With all that in mind, we woke up on our first morning in Mumbai and squeezed into the back seat of a rickshaw to go on a shopping spree.
One of the traditional events preceding an Indian wedding is called haldi, which is the Hindi word for turmeric. The unmistakable yellow spice is a symbol of purity and fertility in India, which makes it a fitting theme for the opening celebration of the new couple.
When the couple arrives and takes their seats, guests are encouraged to greet them and perform the haldi ritual. To ensure that the bride and groom are sufficiently pure and fertile before their wedding day, each guest who approaches is invited to apply turmeric paste to the bride and groom’s faces. There were also candies to feed them and rose petals to sprinkle over them. If a face full of turmeric didn’t prepare them to be married, then hopefully a hundred handfuls of m&m’s did the trick!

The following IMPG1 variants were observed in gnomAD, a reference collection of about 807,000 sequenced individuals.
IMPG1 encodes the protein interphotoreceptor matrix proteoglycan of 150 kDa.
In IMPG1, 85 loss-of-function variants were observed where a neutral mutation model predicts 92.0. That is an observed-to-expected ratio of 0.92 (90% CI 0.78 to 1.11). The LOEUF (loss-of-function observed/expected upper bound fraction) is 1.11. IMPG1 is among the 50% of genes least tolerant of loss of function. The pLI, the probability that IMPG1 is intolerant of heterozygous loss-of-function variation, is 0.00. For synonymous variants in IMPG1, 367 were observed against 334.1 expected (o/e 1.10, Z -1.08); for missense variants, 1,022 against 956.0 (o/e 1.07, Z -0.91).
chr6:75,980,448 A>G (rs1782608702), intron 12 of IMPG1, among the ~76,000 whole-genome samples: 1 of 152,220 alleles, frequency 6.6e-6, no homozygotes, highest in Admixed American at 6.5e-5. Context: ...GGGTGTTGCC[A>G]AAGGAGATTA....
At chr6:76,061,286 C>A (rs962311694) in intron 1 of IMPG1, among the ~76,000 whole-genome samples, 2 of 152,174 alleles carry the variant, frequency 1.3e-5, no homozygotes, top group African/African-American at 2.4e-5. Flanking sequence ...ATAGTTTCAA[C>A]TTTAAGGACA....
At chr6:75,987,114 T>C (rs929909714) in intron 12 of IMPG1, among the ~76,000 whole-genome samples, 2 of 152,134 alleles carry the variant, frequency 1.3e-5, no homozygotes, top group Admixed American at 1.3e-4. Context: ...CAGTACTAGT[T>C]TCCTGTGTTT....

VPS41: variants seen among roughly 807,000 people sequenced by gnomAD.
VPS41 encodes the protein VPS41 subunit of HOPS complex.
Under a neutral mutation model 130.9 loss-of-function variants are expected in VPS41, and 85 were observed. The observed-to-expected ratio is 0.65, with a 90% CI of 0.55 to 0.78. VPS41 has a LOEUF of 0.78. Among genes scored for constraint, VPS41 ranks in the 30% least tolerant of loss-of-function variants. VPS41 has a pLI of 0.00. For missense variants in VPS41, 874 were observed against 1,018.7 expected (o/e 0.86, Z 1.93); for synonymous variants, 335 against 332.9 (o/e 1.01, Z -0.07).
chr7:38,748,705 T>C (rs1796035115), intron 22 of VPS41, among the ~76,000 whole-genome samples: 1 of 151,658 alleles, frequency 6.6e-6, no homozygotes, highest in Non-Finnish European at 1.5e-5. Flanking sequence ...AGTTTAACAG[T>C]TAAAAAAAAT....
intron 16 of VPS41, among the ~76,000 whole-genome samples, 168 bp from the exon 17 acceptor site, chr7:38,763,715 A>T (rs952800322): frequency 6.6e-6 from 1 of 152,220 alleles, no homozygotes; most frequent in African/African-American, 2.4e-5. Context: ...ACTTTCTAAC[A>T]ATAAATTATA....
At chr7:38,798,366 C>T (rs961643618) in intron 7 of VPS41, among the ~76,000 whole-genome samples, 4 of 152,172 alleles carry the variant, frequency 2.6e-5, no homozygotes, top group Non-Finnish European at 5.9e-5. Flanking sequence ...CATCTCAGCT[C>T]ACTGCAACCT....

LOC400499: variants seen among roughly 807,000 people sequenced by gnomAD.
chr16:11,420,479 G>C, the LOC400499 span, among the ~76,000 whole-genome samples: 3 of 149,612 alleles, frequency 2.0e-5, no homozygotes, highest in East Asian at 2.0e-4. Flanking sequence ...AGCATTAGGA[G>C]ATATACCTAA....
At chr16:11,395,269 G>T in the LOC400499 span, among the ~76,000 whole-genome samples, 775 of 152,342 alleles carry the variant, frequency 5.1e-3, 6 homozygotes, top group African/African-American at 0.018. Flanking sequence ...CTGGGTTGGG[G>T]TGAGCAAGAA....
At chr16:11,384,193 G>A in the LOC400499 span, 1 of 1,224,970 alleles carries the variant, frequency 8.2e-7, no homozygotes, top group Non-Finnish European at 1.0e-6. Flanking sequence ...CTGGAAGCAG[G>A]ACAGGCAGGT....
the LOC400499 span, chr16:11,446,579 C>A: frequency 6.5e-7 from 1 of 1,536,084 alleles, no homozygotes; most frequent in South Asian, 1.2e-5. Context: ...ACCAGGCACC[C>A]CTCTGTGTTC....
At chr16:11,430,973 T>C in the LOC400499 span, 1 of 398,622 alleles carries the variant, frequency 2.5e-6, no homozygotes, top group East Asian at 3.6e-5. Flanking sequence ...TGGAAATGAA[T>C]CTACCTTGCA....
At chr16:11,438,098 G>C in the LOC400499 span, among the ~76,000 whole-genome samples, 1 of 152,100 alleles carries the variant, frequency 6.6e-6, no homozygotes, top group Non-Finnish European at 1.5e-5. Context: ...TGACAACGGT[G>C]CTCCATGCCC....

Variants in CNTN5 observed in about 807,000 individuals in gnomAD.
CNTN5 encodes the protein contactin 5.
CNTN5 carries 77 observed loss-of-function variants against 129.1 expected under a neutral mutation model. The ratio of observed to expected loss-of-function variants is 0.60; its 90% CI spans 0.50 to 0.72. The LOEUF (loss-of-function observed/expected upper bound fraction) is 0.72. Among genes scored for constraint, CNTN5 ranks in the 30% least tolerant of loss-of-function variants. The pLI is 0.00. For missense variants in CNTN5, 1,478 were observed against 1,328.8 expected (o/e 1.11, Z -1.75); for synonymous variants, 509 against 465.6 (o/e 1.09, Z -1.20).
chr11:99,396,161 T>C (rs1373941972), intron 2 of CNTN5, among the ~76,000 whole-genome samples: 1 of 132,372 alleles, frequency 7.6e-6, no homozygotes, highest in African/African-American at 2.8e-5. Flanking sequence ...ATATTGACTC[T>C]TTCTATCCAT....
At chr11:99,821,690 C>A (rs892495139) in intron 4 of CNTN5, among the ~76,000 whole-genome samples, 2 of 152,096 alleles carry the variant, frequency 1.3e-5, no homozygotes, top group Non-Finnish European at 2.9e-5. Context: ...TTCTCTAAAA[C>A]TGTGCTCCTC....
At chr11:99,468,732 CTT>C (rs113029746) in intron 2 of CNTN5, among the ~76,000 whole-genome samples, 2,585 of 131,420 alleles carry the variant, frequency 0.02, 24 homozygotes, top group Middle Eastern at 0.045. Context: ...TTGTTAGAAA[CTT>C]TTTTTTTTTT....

The remainder of the haldi event was an opportunity for guests to mingle and enjoy the buffet. A team of mehendi artists was also on hand to create henna hand tattoos for the female guests, each design spontaneous and unique.
We were invited to attend the first event wearing anything turmeric-colored. So in the spirit of haldi, I wore a yellow silk kurta.
The haldi was followed in the evening by the sangeet, an event which takes its name from the Hindi word for music. This is the time when family and friends express their happiness for the new couple to the rhythm of the latest musical hits on the big screen. The sangeet can take different forms, but the modern trend is a choreographed show.